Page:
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Hedge Funds Vs. Art, Round XIII

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It’s no news that our top hedge fund guys are going in big for high-priced art but it is news that some of them are starting to move from private collections to taking larger roles at our public museums. We’ve already touched on Citadel founder Ken Griffen’s endowment of the “Kenneth and Anne Griffin Court” at the Chicago Art Institute. Today the New York Times focuses on Stevie Cohen protégé David Ganek, who went on to found Level Global Investors. It seems Ganek has been recruited to be a Guggenheim trustee and a recently succeeded in raking in $4 million, making him the museum’s top fundraiser.
Getting hedge fund kings to raise money for you is probably not a bad idea. For one thing, these guys know how to get the wealthy to open their wallets. What’s more, they have lots of other rich guys who work for them. And it never hurts to throw some dollars at the bosses favorite charity.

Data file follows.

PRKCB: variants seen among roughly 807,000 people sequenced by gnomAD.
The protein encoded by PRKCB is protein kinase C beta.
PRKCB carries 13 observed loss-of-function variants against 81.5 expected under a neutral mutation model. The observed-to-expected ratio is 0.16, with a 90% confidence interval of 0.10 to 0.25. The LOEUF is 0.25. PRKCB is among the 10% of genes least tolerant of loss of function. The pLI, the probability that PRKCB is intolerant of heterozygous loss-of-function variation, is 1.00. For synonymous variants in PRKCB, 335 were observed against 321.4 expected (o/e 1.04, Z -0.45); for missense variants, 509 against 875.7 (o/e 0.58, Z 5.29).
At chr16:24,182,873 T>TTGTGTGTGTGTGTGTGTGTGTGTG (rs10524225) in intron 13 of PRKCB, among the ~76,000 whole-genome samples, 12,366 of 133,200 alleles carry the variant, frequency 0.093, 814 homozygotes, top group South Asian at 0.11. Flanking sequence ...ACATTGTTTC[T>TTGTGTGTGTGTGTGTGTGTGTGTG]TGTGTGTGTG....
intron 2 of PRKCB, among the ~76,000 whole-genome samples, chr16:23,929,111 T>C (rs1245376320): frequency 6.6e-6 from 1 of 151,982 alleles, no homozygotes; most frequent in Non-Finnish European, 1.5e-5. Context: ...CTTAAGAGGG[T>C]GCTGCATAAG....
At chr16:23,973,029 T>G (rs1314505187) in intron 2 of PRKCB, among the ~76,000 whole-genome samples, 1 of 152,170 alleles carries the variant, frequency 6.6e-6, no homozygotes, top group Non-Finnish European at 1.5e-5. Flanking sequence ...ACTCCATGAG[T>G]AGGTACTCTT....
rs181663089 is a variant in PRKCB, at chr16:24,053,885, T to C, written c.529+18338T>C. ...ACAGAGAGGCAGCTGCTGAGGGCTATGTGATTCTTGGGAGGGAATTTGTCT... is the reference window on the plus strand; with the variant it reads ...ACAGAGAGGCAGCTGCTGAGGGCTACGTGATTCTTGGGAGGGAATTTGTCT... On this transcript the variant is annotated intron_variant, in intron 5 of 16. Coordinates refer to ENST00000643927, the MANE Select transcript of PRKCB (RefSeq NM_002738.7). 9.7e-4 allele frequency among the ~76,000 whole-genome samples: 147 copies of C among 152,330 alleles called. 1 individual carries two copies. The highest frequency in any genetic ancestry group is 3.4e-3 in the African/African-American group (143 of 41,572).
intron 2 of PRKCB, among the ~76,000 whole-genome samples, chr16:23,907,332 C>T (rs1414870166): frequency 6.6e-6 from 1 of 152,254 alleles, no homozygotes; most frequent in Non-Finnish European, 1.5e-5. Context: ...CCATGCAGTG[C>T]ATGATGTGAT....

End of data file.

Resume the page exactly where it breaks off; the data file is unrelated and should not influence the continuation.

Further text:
But what’s in it for them? The answer to that question is also the answer to the question asked by DealBook in response to a New York Observer feature on New York’s most powerful families—namely, “Where Have The Wall Street Dynasties Gone?” There’s not one prominent Wall Street or hedge fund family—other than a few names with historic ties to finance but not really actively involved—on the list. And don’t you believe for a second that its because guys and gals pulling in $25 million or more a year don’t want to be considered prominent or powerful. These art museum wings, rotundas and board memberships are all about getting on the list of important families.
It’s kind of nice to know that even in this day and age of money culture, sometimes just earning it isn’t enough. It’s what you do with it.